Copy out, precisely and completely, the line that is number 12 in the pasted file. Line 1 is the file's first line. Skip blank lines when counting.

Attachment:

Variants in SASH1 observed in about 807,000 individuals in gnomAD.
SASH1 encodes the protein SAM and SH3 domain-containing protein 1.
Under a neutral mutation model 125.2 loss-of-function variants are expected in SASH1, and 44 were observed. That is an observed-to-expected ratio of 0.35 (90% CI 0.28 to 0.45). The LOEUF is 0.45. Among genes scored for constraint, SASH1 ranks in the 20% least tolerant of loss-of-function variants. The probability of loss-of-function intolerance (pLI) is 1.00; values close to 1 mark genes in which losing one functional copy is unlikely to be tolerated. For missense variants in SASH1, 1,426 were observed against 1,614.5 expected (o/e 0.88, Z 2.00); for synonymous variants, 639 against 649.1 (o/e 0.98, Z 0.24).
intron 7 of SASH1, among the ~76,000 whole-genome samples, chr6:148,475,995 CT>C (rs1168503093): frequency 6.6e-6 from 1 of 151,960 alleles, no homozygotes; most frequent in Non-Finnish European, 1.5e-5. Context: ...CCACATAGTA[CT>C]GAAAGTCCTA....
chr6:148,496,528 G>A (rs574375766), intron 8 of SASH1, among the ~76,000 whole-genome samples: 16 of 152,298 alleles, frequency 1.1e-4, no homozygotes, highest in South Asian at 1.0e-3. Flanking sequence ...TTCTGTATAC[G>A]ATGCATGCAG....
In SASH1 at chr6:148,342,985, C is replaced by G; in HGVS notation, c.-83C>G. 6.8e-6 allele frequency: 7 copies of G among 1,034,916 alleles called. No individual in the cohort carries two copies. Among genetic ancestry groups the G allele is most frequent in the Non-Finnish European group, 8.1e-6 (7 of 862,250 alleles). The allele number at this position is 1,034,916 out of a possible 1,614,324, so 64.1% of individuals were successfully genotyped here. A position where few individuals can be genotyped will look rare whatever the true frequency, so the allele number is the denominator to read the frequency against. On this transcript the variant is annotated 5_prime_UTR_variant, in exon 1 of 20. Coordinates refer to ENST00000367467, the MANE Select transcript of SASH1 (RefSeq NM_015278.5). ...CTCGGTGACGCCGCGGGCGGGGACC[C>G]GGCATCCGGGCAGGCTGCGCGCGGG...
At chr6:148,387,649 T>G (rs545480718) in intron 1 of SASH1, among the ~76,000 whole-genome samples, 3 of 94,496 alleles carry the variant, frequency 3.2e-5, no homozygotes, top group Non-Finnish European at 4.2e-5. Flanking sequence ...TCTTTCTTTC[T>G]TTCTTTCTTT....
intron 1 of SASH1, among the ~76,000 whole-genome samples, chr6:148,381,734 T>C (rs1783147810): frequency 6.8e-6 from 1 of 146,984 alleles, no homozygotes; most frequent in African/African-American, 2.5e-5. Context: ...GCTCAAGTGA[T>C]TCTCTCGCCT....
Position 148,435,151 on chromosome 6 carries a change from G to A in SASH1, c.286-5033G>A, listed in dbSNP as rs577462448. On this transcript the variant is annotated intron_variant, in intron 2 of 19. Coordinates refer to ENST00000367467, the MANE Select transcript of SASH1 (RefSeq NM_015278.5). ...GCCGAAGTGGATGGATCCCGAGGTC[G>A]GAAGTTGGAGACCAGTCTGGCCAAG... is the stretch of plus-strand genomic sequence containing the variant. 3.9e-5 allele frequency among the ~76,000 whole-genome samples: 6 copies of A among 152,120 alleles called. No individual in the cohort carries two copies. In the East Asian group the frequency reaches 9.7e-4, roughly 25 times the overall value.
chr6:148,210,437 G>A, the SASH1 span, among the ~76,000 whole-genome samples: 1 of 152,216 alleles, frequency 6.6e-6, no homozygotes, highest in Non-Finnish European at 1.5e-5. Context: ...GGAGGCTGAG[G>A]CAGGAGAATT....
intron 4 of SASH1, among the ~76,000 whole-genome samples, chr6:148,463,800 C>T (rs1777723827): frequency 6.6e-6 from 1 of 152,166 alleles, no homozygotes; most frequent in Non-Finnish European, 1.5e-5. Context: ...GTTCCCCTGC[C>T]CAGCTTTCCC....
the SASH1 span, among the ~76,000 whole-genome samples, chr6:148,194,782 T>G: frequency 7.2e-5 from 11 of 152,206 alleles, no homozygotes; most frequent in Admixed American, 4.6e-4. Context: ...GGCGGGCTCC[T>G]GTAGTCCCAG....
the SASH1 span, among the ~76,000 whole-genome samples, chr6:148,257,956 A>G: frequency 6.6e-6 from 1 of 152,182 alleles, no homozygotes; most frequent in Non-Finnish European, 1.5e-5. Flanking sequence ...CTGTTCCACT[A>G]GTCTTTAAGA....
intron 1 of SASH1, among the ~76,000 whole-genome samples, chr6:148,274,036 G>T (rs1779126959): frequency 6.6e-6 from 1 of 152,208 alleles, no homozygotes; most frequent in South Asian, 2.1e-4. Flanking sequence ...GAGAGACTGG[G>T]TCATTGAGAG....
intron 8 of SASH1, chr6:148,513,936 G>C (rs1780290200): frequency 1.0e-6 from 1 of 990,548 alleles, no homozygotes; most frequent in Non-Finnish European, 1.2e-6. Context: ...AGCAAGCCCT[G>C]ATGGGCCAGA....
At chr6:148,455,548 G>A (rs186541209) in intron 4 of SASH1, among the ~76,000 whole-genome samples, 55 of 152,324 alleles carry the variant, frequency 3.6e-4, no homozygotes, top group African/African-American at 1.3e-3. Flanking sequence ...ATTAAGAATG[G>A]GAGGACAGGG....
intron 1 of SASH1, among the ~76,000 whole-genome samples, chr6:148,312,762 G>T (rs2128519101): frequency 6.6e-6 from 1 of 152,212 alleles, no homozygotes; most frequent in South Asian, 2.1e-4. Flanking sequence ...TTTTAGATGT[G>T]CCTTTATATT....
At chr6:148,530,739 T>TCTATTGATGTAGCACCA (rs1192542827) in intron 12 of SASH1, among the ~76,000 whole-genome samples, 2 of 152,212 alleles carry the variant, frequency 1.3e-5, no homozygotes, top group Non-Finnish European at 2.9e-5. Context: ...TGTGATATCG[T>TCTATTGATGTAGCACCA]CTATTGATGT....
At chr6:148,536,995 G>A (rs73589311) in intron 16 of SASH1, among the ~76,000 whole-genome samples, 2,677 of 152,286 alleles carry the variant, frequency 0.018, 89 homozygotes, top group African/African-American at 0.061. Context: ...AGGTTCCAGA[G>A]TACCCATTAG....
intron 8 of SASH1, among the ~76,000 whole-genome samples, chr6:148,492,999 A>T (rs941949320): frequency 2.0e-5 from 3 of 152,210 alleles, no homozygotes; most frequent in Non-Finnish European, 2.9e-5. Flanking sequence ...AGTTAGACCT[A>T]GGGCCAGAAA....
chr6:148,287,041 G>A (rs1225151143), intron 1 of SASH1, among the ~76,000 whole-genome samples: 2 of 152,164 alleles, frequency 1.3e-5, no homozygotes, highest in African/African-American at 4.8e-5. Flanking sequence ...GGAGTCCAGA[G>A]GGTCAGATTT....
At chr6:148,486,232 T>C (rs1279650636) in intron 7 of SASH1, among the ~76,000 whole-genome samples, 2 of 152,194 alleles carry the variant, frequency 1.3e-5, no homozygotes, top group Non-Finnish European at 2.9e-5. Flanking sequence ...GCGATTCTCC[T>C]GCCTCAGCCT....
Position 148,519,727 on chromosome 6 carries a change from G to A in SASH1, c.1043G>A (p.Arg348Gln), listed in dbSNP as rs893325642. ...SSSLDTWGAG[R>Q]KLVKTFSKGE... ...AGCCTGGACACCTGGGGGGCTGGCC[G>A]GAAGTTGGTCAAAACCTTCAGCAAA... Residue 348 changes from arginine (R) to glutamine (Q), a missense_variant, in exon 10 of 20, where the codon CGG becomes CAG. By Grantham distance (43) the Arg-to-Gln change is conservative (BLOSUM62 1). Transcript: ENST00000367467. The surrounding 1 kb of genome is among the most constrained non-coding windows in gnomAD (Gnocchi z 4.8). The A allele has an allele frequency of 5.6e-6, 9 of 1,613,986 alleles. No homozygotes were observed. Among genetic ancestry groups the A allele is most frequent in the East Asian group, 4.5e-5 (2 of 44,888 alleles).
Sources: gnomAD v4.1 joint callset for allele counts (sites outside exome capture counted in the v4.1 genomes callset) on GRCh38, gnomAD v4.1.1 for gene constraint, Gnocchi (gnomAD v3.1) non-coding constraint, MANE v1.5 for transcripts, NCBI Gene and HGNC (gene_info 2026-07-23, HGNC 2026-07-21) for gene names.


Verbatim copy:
the SASH1 span, among the ~76,000 whole-genome samples, chr6:148,194,782 T>G: frequency 7.2e-5 from 11 of 152,206 alleles, no homozygotes; most frequent in Admixed American, 4.6e-4. Context: ...GGCGGGCTCC[T>G]GTAGTCCCAG....